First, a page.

Can you imagine how awesome it would be, if you had an editor on hand to re-read passages you’d written, and give you some ideas of what worked, where you’d repeated yourself or added redundant phrases, where the story was wandering? How handy would that be? And imagine if that editor were absolutely free, and all it cost you was a little time?
You know what I’m going to say, right?
You DO have an editor on constant standby. This editor is always there when you need them, and they know all about the story/article/dissertation you’re writing, and the direction in which you want to take it.
No, silly. It’s not me. (Although obviously I’m here to help!) It’s YOU.
Sometimes writers will send me work which is little more than a draft, and while I’m happy to go through it and and help, I explain to them that it would be cheaper and quicker for them if they had only gone over it before they sent it to me. All they needed to do was read it back to themselves, just once! Just one time and they would find a lot of the errors themselves. Just one time, and they would be able to appreciate the areas where the words were shiny bright, and the areas where they were muddied and fumbled.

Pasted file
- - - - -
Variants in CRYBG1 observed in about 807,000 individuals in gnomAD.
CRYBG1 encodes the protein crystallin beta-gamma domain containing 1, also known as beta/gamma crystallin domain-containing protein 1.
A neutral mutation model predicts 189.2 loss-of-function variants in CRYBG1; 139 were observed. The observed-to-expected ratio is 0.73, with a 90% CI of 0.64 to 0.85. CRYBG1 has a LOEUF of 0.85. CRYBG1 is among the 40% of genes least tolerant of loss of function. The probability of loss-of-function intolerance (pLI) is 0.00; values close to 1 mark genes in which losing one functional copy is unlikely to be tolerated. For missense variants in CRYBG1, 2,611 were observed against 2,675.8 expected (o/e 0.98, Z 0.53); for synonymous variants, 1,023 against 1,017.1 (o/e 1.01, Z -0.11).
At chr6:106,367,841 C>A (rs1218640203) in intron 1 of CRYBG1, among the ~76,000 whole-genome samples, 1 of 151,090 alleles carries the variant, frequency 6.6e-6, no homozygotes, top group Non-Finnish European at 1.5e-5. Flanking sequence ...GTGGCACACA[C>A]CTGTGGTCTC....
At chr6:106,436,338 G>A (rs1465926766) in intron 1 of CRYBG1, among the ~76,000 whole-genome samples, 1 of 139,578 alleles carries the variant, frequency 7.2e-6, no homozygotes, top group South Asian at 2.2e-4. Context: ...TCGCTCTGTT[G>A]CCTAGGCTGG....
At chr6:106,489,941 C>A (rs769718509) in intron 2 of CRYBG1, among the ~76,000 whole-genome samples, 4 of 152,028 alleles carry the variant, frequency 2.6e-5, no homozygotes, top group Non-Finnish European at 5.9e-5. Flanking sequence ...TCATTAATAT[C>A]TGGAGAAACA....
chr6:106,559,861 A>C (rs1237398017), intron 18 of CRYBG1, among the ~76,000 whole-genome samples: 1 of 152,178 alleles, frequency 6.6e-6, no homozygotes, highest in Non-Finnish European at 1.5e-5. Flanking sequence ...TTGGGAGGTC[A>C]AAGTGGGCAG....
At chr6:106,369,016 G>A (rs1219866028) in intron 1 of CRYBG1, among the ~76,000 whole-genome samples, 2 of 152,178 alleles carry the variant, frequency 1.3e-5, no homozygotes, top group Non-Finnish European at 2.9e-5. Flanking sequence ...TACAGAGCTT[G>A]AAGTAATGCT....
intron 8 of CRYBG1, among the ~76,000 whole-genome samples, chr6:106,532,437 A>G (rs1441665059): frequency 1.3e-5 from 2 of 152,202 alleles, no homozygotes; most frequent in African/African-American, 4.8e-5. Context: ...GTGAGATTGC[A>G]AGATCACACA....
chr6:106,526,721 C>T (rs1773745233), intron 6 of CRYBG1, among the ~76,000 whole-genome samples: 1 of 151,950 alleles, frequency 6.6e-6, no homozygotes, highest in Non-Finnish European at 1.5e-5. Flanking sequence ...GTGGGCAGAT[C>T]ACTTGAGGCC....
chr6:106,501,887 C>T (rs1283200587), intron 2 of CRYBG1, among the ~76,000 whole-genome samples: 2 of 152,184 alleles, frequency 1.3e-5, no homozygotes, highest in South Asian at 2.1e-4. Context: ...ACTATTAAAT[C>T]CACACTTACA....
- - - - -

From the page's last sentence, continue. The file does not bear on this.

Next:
I don’t mind being that editor–the first editor. I quote based on the work that needs doing, and I’m happy to do that to make the work as good as it can be. But if you’re not reading your own writing, you’re missing out on learning from it, and from seeing just what you can do–and how you can improve. By reading your own work first, being your own first editor, you also begin to find your own mistakes.
Others’ feedback is, of course, invaluable. But don’t dismiss your own. You’ve done all the hard work by writing your story or essay. You should be the first to be able to read it, and enjoy it!